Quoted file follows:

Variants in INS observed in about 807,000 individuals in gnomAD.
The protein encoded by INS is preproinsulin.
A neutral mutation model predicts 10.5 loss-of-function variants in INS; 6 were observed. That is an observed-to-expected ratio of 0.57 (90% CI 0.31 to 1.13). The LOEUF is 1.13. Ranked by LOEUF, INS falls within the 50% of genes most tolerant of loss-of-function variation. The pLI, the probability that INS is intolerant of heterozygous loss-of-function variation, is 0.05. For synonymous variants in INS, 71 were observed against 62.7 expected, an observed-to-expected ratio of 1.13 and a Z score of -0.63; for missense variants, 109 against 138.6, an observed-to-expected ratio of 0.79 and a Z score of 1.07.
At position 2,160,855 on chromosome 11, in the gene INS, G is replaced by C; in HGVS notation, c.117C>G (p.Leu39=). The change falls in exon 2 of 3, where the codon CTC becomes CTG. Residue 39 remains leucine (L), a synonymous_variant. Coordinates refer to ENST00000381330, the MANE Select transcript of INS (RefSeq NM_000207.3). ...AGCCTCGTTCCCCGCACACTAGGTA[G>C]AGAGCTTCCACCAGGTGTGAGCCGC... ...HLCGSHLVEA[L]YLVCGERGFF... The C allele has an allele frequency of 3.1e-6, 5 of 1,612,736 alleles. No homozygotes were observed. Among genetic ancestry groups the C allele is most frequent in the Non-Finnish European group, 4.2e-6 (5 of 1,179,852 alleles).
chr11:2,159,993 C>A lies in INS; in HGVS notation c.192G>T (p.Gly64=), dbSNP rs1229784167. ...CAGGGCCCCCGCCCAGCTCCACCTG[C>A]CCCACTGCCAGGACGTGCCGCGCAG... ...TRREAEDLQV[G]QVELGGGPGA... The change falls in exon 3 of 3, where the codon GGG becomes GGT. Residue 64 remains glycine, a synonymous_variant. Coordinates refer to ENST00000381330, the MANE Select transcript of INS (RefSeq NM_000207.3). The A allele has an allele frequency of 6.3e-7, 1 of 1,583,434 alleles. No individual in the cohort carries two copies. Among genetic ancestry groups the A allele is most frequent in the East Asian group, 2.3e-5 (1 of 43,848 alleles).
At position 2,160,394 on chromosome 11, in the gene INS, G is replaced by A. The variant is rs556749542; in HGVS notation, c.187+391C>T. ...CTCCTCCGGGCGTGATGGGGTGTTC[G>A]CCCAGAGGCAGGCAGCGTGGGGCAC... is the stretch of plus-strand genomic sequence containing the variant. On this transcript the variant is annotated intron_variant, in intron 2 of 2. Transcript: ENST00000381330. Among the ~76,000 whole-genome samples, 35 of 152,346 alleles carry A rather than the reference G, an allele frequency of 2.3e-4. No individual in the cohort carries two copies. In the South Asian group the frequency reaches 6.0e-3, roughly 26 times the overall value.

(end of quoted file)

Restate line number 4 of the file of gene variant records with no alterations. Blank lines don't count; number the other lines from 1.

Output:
At position 2,160,855 on chromosome 11, in the gene INS, G is replaced by C; in HGVS notation, c.117C>G (p.Leu39=). The change falls in exon 2 of 3, where the codon CTC becomes CTG. Residue 39 remains leucine (L), a synonymous_variant. Coordinates refer to ENST00000381330, the MANE Select transcript of INS (RefSeq NM_000207.3). ...AGCCTCGTTCCCCGCACACTAGGTA[G>C]AGAGCTTCCACCAGGTGTGAGCCGC... ...HLCGSHLVEA[L]YLVCGERGFF... The C allele has an allele frequency of 3.1e-6, 5 of 1,612,736 alleles. No homozygotes were observed. Among genetic ancestry groups the C allele is most frequent in the Non-Finnish European group, 4.2e-6 (5 of 1,179,852 alleles).